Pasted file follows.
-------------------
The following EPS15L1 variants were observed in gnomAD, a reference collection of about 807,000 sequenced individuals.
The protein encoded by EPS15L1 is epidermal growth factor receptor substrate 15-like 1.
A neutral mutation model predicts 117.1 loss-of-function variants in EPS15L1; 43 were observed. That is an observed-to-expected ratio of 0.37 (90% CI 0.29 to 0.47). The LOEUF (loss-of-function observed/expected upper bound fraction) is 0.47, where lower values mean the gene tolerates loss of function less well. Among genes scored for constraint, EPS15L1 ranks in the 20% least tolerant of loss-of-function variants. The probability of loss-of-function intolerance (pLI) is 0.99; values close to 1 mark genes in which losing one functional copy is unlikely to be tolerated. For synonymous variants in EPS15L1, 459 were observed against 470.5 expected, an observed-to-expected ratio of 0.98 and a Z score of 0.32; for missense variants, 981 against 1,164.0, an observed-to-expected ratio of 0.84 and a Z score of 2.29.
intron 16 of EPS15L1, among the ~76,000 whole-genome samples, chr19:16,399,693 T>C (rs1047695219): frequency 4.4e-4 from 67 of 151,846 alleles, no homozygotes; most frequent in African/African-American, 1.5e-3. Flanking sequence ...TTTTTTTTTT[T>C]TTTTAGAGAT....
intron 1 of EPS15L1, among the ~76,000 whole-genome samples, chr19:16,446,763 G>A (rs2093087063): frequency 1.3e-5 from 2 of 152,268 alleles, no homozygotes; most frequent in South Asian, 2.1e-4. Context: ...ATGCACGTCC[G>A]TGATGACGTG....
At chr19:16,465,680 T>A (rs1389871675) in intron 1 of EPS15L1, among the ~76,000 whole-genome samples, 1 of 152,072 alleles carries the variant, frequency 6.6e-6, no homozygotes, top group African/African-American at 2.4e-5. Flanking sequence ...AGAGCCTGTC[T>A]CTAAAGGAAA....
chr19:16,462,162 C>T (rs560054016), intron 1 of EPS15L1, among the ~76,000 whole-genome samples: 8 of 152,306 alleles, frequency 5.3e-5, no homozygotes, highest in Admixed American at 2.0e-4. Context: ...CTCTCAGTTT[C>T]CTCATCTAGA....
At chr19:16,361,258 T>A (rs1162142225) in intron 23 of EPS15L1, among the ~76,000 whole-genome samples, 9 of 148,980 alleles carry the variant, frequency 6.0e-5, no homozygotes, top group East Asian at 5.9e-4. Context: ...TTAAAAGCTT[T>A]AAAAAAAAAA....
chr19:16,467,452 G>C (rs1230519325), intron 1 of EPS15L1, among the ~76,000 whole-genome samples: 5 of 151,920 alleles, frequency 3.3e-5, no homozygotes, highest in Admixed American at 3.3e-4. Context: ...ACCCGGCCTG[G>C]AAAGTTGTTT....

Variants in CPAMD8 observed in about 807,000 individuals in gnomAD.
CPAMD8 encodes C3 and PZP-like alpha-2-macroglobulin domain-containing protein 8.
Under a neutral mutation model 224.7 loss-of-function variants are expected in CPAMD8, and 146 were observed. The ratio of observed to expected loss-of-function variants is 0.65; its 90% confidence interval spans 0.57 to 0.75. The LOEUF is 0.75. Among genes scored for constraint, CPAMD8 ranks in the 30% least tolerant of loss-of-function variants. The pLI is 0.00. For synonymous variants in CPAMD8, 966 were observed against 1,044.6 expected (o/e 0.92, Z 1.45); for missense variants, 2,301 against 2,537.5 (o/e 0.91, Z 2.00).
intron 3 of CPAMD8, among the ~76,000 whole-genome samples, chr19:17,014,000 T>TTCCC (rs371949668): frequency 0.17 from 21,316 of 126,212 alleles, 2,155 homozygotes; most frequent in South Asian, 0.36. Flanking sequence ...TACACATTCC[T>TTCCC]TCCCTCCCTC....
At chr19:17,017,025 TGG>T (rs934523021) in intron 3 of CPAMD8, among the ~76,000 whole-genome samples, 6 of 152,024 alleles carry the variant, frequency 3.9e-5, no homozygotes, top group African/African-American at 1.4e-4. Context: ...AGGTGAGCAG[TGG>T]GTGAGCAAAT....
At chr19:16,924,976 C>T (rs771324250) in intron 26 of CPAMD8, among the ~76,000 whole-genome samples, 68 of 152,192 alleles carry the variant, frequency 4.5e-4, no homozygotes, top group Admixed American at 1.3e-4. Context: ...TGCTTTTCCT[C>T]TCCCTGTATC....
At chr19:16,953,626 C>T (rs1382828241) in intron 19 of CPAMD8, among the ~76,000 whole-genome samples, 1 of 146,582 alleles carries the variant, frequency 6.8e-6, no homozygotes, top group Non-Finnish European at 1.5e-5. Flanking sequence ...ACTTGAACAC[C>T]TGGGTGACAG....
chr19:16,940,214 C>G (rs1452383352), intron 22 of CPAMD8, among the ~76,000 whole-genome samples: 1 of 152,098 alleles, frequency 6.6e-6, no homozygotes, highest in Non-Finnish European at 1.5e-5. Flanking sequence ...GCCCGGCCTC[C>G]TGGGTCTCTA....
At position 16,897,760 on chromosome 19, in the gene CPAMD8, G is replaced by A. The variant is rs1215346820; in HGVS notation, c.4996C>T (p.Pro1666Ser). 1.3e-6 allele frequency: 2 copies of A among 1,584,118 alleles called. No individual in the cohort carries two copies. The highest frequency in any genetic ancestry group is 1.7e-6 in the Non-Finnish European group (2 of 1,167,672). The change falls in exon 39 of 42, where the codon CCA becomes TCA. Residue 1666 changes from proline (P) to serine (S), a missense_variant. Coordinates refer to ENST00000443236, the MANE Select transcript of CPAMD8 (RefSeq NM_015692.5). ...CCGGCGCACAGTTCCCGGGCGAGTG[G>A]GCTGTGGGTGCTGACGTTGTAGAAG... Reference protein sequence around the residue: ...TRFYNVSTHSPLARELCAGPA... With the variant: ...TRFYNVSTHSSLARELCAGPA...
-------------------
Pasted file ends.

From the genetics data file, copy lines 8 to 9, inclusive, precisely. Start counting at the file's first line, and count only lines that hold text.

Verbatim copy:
At chr19:16,361,258 T>A (rs1162142225) in intron 23 of EPS15L1, among the ~76,000 whole-genome samples, 9 of 148,980 alleles carry the variant, frequency 6.0e-5, no homozygotes, top group East Asian at 5.9e-4. Context: ...TTAAAAGCTT[T>A]AAAAAAAAAA....
chr19:16,467,452 G>C (rs1230519325), intron 1 of EPS15L1, among the ~76,000 whole-genome samples: 5 of 151,920 alleles, frequency 3.3e-5, no homozygotes, highest in Admixed American at 3.3e-4. Context: ...ACCCGGCCTG[G>C]AAAGTTGTTT....